The primary consideration governing many financial settlements is that of “needs”. This is a bit of a grey area as there is no legal definition of “need”. However, one of the things directing the route of the financial negotiations will be a consideration of the future housing requirements of both parties and any minor children.

Primary Care of the Children

Housing needs will be determined by looking at a number of factors, but first and foremost, the court will look at who has primary care of the children. If the parties have a true shared care arrangement, then the housing needs of each parent will likely be considered to be equal – in that they both require houses with an equivalent number of bedrooms. The balance tips if one parent has the children significantly more than the other party such that their housing needs will necessarily be assessed at a higher level.

Other factors such as whether one party works from home or runs a business from home may also have a bearing on what that individual’s housing needs are assessed to be. Mortgage raising capacity is also a relevant consideration when considering how housing needs are to be met in conjunction with any equity held in the existing family home or possibly other properties.

Financial Negotiations

Within the context of financial negotiations, whether that be in the court arena or in negotiations via solicitors out of the court, housing needs will need to be evidenced. It is important to be able to demonstrate the requirement for not only the number of bedrooms, but also outside space, parking, proximity to local schools and transport links. Family and friendship support networks can also be argued to be relevant. In some circumstances all these factors will be considered in conjunction with the sort of property the parties owned during the marriage, particularly where the marriage is very long or there are sufficient funds available to meet everyone’s needs. If there are insufficient assets to meet needs, then these requirements will hold less weight.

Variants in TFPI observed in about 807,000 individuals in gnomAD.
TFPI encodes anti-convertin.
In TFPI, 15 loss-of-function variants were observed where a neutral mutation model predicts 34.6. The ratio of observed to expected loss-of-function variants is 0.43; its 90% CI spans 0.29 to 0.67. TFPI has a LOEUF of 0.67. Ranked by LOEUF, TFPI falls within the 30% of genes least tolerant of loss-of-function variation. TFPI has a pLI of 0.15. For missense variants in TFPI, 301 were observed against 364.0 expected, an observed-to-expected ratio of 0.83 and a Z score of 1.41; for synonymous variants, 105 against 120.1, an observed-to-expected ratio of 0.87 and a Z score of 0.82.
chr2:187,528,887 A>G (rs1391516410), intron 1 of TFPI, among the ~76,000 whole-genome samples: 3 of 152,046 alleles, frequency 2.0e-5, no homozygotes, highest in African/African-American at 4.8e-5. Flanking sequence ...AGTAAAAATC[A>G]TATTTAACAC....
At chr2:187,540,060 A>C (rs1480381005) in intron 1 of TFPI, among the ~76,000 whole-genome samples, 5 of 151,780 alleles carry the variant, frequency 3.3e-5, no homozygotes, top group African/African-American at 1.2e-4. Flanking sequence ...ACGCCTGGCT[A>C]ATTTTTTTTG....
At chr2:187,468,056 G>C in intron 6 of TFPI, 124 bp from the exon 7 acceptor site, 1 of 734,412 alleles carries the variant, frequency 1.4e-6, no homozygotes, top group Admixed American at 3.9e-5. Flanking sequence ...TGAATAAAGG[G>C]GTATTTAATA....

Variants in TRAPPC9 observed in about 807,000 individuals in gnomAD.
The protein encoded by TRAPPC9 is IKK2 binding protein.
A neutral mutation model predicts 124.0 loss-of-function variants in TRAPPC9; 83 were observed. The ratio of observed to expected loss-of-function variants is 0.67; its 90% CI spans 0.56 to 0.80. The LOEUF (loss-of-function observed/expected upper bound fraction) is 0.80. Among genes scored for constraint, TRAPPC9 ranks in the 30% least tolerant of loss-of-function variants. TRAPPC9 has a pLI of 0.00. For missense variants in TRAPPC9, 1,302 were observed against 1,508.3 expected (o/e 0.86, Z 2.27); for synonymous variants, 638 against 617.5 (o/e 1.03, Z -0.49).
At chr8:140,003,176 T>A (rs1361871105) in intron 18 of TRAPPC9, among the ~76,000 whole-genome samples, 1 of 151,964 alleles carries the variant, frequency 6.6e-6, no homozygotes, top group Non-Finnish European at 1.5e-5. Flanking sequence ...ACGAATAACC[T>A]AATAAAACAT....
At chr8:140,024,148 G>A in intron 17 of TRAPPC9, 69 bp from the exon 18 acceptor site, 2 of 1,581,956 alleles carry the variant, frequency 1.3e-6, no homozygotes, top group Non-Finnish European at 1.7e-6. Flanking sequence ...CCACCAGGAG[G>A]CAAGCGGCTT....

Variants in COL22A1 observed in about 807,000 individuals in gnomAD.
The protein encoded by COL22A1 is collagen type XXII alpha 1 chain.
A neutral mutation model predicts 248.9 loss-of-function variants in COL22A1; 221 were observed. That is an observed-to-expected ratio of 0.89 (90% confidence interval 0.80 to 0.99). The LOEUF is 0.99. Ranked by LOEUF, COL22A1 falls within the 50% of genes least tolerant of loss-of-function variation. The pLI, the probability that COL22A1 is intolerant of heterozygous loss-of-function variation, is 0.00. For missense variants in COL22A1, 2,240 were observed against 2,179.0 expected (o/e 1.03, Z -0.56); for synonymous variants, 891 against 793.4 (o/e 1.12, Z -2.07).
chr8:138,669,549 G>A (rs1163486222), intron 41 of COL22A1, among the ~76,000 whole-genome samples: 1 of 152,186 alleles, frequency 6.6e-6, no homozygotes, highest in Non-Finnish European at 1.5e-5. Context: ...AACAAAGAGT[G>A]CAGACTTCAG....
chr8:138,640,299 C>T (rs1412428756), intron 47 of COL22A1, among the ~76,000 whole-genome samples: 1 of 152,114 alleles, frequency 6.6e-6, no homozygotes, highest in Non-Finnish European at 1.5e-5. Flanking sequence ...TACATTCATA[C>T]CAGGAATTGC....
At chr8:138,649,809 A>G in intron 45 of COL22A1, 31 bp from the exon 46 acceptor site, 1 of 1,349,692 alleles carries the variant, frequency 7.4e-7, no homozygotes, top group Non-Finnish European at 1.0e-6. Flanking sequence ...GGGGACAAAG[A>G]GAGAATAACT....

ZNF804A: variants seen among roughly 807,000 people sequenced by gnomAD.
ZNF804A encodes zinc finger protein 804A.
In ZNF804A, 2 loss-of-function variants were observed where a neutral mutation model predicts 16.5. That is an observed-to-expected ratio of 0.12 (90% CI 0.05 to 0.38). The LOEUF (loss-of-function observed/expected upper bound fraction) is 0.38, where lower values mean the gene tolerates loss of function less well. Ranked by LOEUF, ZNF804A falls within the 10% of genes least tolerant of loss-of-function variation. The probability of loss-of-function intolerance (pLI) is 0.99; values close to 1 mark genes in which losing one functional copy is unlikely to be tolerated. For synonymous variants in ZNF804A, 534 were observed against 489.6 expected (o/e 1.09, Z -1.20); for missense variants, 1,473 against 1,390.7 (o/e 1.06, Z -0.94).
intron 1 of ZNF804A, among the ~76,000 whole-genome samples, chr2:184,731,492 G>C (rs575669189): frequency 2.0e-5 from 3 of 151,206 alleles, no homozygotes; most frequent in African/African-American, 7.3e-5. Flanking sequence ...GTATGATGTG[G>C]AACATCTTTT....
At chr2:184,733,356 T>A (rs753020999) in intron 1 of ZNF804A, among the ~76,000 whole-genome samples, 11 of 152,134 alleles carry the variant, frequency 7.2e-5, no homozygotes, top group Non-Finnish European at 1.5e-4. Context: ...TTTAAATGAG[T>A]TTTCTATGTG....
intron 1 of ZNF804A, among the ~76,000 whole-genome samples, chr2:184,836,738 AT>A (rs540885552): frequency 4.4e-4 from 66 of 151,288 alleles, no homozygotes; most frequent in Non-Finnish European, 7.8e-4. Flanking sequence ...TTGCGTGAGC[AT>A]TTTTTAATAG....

Housing needs are evidenced by looking at what properties are currently available on the market. Property particulars are put together using online examples and brochures of houses currently for sale. Given the slightly hypothetical nature of the “future housing needs” exercise, a review of the current market is likely to be the best (and only) evidence available. Conversely, an analysis of current property particulars can help to demonstrate that one party’s housing need can only be reasonably met at the current family home.


The property particulars submitted must be accurate and realistic and you should expect the other side to challenge those examples as to suitability. Cases can be won and lost based on sets of property particulars, so it is extremely important that you take legal advice at an early stage when considering the negotiations which surround future housing requirements.


If you have any further enquiries regarding Housing Needs, please feel free to contact our Family Law team and we would be happy to help.